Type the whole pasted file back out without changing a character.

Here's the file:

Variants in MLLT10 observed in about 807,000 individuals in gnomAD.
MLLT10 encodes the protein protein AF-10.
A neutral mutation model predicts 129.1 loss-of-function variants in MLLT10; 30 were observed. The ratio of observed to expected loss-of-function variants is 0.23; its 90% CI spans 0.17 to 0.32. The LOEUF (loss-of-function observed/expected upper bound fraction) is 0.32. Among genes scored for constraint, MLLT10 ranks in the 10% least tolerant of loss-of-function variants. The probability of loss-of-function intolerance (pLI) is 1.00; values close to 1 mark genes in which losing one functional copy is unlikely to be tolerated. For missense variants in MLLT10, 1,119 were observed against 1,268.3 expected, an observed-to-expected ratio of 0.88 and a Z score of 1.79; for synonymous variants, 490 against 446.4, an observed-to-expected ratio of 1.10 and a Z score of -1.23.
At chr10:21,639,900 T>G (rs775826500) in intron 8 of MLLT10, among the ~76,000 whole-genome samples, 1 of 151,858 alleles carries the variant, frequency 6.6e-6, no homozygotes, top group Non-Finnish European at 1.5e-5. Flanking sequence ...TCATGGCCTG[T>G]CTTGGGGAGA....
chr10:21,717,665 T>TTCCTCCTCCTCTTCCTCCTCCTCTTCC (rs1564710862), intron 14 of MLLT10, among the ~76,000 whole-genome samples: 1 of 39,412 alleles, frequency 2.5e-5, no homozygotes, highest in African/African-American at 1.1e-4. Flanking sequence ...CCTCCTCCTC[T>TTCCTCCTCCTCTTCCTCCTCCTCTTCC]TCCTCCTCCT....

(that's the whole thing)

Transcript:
Variants in MLLT10 observed in about 807,000 individuals in gnomAD.
MLLT10 encodes the protein protein AF-10.
A neutral mutation model predicts 129.1 loss-of-function variants in MLLT10; 30 were observed. The ratio of observed to expected loss-of-function variants is 0.23; its 90% CI spans 0.17 to 0.32. The LOEUF (loss-of-function observed/expected upper bound fraction) is 0.32. Among genes scored for constraint, MLLT10 ranks in the 10% least tolerant of loss-of-function variants. The probability of loss-of-function intolerance (pLI) is 1.00; values close to 1 mark genes in which losing one functional copy is unlikely to be tolerated. For missense variants in MLLT10, 1,119 were observed against 1,268.3 expected, an observed-to-expected ratio of 0.88 and a Z score of 1.79; for synonymous variants, 490 against 446.4, an observed-to-expected ratio of 1.10 and a Z score of -1.23.
At chr10:21,639,900 T>G (rs775826500) in intron 8 of MLLT10, among the ~76,000 whole-genome samples, 1 of 151,858 alleles carries the variant, frequency 6.6e-6, no homozygotes, top group Non-Finnish European at 1.5e-5. Flanking sequence ...TCATGGCCTG[T>G]CTTGGGGAGA....
chr10:21,717,665 T>TTCCTCCTCCTCTTCCTCCTCCTCTTCC (rs1564710862), intron 14 of MLLT10, among the ~76,000 whole-genome samples: 1 of 39,412 alleles, frequency 2.5e-5, no homozygotes, highest in African/African-American at 1.1e-4. Flanking sequence ...CCTCCTCCTC[T>TTCCTCCTCCTCTTCCTCCTCCTCTTCC]TCCTCCTCCT....